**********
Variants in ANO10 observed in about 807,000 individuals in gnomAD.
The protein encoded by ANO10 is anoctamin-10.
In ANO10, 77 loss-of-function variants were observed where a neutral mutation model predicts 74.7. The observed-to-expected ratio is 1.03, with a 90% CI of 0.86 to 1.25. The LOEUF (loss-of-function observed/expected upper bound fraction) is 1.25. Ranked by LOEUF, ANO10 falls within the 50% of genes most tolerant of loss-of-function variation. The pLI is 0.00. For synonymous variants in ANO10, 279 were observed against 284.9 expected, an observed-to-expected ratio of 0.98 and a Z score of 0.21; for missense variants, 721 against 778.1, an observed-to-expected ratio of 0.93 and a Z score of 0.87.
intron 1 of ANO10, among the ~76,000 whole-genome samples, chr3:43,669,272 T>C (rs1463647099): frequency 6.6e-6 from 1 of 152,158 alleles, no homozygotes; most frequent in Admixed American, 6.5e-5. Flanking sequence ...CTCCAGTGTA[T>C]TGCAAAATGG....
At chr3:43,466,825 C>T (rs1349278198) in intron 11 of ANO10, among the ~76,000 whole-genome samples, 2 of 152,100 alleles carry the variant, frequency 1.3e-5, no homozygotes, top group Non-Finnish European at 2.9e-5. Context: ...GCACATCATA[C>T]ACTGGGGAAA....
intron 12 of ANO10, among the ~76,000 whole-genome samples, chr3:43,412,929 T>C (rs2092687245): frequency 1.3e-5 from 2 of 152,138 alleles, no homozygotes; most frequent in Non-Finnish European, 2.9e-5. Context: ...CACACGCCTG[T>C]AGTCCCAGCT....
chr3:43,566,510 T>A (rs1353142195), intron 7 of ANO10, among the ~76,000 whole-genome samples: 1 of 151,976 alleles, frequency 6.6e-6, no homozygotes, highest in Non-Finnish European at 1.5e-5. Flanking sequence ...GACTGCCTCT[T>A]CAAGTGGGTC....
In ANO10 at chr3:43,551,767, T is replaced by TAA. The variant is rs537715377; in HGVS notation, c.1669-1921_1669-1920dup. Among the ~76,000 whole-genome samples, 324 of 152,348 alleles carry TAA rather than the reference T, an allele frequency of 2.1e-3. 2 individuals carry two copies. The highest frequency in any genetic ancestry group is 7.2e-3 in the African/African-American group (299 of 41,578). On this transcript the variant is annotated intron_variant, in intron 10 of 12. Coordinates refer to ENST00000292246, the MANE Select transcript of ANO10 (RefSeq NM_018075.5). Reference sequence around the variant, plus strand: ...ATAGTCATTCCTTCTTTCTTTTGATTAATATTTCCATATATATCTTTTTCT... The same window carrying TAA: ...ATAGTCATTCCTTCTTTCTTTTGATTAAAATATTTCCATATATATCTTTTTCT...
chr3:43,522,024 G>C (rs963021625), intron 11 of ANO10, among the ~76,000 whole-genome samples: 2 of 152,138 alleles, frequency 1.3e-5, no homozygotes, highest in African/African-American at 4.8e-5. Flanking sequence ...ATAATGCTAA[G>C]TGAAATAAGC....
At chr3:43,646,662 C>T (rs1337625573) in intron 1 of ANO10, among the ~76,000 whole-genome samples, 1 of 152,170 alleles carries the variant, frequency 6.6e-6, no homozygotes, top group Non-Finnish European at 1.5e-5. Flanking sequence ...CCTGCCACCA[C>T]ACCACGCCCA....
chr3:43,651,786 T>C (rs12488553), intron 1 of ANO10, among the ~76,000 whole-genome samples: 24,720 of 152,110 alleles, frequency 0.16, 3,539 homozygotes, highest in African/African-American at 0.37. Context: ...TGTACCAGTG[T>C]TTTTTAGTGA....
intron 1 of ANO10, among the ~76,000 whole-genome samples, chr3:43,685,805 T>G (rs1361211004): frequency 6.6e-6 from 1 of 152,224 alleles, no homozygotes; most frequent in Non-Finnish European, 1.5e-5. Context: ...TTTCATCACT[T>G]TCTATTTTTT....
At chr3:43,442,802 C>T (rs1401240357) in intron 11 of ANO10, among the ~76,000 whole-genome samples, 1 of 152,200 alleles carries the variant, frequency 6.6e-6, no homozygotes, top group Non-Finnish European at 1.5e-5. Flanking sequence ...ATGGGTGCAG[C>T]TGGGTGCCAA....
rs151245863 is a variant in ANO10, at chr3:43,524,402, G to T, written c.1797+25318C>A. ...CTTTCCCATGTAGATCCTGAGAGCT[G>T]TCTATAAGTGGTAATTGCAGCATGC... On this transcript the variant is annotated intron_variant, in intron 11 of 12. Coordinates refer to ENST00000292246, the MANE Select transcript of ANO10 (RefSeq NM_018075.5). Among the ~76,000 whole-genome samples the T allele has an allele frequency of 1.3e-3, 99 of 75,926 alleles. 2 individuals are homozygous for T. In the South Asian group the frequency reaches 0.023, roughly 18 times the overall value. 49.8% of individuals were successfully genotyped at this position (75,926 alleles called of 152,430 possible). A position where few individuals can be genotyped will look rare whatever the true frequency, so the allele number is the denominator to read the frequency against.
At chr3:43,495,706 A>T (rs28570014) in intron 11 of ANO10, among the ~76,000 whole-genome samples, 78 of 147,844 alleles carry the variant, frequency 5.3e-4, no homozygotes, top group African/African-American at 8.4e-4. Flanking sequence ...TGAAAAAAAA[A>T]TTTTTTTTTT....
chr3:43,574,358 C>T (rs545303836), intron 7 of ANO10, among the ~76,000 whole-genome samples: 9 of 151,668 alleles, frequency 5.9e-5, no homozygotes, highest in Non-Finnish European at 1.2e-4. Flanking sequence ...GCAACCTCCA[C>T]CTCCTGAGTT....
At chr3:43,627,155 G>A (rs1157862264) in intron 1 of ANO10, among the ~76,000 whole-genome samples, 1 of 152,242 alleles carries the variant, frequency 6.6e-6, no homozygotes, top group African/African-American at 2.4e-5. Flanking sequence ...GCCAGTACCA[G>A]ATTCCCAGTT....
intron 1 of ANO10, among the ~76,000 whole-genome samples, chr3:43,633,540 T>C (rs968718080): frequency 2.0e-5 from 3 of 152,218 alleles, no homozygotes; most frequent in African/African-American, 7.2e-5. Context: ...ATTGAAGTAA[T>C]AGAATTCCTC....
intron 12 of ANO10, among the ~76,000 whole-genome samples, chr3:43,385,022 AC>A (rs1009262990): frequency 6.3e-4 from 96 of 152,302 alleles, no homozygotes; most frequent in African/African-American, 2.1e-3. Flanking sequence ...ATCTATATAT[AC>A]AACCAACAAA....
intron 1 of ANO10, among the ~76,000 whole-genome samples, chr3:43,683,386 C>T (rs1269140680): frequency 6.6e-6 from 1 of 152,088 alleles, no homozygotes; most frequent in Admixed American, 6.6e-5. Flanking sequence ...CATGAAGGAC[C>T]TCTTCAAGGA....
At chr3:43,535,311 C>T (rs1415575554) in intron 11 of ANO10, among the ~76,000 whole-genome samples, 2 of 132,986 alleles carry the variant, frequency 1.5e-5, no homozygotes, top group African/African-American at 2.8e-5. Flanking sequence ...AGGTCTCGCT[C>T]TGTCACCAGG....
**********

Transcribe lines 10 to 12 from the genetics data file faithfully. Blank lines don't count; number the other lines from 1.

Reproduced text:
At chr3:43,646,662 C>T (rs1337625573) in intron 1 of ANO10, among the ~76,000 whole-genome samples, 1 of 152,170 alleles carries the variant, frequency 6.6e-6, no homozygotes, top group Non-Finnish European at 1.5e-5. Flanking sequence ...CCTGCCACCA[C>T]ACCACGCCCA....
chr3:43,651,786 T>C (rs12488553), intron 1 of ANO10, among the ~76,000 whole-genome samples: 24,720 of 152,110 alleles, frequency 0.16, 3,539 homozygotes, highest in African/African-American at 0.37. Context: ...TGTACCAGTG[T>C]TTTTTAGTGA....
intron 1 of ANO10, among the ~76,000 whole-genome samples, chr3:43,685,805 T>G (rs1361211004): frequency 6.6e-6 from 1 of 152,224 alleles, no homozygotes; most frequent in Non-Finnish European, 1.5e-5. Context: ...TTTCATCACT[T>G]TCTATTTTTT....